Terahertz images have already obsoleted traditional X-rays for applications where people are involved, from airport full-body scanners to epidermal medical scanners. However, the bulky discrete components required make today's terahertz scanners big, heavy and expensive. If TI can perfect CMOS chip-sized detectors/emitters, then the size, weight and price can he brought down for implementing inexpensive handheld models.
I threw up a little in my mouth when I read the following sentence, "... terahertz-range frequencies to safely scan passengers". Please define "safely"? I will never allows someone to scan me with mm waves.
If you use a cellphone you're regularly getting scanned with cm waves. And if you stand in the sun you're getting scanned with nm and um waves. So mm waves are just in between these. And an IC like this should not put out enough power to cause any worse effects on you than any of the above?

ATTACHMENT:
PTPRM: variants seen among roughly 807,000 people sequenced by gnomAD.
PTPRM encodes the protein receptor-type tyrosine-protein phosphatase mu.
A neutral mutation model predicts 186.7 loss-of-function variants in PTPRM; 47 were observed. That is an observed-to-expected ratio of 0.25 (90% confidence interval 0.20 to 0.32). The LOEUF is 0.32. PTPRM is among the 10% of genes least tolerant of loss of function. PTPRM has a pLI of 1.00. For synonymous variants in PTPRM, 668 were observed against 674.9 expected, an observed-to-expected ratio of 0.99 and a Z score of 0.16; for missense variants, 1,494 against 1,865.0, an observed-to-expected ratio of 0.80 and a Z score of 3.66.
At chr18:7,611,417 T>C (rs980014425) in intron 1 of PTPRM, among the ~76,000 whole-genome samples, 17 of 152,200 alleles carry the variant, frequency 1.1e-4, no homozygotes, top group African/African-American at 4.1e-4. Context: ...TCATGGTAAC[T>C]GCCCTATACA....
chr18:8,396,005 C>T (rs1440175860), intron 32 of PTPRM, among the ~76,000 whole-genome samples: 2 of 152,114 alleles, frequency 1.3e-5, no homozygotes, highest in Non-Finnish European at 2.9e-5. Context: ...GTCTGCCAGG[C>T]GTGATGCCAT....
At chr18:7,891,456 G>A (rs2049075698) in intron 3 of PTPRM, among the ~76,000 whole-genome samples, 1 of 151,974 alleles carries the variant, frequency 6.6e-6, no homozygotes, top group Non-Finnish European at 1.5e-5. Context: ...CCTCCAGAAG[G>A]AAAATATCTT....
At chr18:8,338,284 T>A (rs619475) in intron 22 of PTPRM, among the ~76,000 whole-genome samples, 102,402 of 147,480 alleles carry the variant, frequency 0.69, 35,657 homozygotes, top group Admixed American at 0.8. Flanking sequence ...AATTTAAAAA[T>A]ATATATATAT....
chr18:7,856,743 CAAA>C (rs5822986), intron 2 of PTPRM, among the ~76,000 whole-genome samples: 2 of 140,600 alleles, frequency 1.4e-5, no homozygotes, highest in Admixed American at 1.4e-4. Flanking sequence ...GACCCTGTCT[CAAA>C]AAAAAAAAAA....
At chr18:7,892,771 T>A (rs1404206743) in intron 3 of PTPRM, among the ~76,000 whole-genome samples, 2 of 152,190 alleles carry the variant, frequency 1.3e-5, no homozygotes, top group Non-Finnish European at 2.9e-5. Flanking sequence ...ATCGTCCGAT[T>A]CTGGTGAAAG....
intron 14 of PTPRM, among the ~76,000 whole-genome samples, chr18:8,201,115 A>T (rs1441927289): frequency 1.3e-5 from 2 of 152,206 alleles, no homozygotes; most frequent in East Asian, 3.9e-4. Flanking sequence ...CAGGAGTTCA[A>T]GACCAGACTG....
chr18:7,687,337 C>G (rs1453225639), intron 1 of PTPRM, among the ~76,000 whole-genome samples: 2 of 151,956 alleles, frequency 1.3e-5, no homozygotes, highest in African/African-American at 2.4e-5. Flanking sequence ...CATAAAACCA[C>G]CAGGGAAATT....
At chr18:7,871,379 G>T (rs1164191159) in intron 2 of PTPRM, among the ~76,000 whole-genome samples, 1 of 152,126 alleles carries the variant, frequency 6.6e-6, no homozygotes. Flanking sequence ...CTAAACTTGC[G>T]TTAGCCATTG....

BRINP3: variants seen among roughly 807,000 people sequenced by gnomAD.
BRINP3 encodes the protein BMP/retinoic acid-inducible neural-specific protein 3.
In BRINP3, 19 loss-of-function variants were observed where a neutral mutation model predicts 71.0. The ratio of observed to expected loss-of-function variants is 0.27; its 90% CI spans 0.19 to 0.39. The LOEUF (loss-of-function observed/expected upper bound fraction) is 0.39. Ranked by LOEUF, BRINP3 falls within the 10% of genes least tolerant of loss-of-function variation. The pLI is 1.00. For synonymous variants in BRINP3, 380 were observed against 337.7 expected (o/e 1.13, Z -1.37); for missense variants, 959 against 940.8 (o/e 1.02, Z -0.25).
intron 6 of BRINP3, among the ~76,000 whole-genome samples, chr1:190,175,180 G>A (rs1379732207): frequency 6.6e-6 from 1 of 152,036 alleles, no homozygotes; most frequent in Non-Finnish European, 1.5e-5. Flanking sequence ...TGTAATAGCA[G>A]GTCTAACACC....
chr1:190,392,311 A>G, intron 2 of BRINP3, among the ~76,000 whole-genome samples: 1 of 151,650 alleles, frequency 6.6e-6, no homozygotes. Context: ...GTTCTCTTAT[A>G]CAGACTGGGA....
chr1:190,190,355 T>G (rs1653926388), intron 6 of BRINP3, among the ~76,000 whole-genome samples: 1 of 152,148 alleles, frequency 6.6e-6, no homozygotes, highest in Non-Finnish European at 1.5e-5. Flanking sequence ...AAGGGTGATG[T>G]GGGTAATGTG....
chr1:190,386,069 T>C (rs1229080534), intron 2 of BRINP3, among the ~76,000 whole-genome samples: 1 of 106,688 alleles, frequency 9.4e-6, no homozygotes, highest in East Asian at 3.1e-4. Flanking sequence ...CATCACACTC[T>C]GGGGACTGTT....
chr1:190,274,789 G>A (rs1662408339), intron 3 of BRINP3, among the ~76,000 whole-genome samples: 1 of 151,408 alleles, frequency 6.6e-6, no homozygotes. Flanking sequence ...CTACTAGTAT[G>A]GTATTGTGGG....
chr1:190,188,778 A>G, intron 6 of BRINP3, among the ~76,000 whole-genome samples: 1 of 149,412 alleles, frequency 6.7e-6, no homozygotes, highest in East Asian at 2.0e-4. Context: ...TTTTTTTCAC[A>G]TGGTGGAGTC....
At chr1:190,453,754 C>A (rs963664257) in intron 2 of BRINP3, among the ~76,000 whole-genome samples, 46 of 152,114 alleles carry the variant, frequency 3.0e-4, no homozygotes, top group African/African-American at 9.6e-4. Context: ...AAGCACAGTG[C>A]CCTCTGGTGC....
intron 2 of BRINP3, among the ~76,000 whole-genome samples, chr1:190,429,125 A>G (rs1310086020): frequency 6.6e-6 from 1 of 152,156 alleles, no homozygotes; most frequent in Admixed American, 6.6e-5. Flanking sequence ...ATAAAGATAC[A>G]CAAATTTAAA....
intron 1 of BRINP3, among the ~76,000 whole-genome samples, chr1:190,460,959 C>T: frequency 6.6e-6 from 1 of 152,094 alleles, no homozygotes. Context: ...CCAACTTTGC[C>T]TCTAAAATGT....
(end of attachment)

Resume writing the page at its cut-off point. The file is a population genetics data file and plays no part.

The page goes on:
Replay available now: A handful of emerging network technologies are competing to be the preferred wide-area connection for the Internet of Things. All claim lower costs and power use than cellular but none have wide deployment yet. Listen in as proponents of leading contenders make their case to be the metro or national IoT network of the future. Rick Merritt, EE Times Silicon Valley Bureau Chief, moderators this discussion. Join in and ask his guests questions.